In 1831, young novelist Victor Hugo published his first masterpiece, Notre-Dame de Paris, better known in English as The Hunchback of Notre Dame. Hunchback is set in 1482, when France was on the cusp of the Renaissance. The Catholic Church, though still powerful, was under attack on several fronts. Faith had been shaken by the recurrent plagues that swept Europe; internal church corruption caused public scandal; and the fires of the Reformation had reached France, greatly aided by the new printing press which enabled “heretical” ideas to spread uncontrolled.
Here are a few things you should know as you dive into the world of The Hunchback of Notre Dame!
Hugo’s novel had a massive influence on the literature of the Romantic Era. It was the first work of fiction to encompass the whole of life, from the King of France to Paris sewer rats, a technique later adopted by Balzac and Dickens. You also may know him as the original author of another much-loved musical theater show—Les Misérables. In Les Misérables, Hugo tried to take a more forgiving view of human nature than he had with Hunchback, written three decades earlier.
Feast of Fools
The Feast of Fools was an especially popular annual event when the haves and the have-nots switched places for a day of “Topsy Turvy.” Hugo chooses this day to start his story, as Quasimodo—the deformed, deaf and half-blind bell-ringer of Notre Dame—ventures for the first time outside the safety of the cathedral and is crowned King of Fools.
The Parisian social structure was strict and, it was believed, ordered by God. At the top were the hereditary nobility. Below them were the clerics, then the university students, then the wealthy merchants and the independent artisans (men who owned their own tools). At the bottom were the poor—70 percent of the population—who led short and precarious lives.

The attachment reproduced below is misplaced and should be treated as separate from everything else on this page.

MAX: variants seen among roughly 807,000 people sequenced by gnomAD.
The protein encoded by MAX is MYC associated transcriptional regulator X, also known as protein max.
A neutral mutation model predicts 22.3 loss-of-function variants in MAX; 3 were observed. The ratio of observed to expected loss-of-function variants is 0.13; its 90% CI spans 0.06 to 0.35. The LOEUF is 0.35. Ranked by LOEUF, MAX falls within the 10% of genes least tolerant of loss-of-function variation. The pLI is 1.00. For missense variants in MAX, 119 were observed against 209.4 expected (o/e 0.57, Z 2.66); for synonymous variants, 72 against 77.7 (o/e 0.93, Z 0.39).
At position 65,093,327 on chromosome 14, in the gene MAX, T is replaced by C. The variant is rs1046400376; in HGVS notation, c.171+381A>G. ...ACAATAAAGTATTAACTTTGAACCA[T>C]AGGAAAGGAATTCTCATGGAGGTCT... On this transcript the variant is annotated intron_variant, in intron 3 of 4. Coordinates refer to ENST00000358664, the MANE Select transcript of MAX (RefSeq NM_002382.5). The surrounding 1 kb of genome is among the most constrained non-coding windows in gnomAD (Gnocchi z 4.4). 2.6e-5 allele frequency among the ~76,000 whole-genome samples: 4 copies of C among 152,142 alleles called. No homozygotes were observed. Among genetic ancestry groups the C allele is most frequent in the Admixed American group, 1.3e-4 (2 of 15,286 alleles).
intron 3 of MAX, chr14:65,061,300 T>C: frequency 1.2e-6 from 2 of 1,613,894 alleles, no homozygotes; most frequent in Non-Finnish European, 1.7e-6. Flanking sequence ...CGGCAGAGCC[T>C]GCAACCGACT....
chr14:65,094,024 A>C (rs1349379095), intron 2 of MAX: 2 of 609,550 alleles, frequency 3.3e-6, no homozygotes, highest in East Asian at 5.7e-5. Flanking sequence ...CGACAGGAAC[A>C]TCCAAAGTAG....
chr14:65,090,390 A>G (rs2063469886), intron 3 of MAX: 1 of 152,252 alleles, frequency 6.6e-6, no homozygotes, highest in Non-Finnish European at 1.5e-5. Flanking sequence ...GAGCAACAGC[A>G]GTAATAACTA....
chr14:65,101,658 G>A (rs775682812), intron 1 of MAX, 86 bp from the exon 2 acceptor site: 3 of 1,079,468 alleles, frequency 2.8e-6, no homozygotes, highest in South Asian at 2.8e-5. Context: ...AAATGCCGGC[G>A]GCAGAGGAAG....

Also present at the Feast of Fools is a nomadic group of “gypsies,” including the beautiful Esmeralda, who takes pity on Quasimodo. Esmeralda and her people were outcasts themselves, looked on with suspicion but also exploited for entertainment. At the time, it was believed that they came originally from Egypt, hence the name “gypsy.” We now know that they actually came from the northern Indian subcontinent, and we no longer use the term “gypsy”; many of the Romani people, as we now call them, consider it an ethnic slur.
Notre-Dame de Paris (“Our Lady of Paris”)
This Catholic cathedral looms majestically over the Île de la Cité in the river Seine and is currently the most popular tourist site in Paris—but it almost didn’t survive to present day. Completed in 1345, Notre Dame is a stunning example of French Gothic architecture. Perhaps the most recognizable architectural feature—that we can see today and that Quasimodo saw—are the statues around the outside, most especially the famous gargoyles. Hugo believed that it was essential to preserve the irreplaceable examples of medieval architecture, and he wrote The Hunchback of Notre Dame with the intention of rallying his countrymen to the cause—and it worked! In 1845, a program was initiated to repair and restore Notre Dame.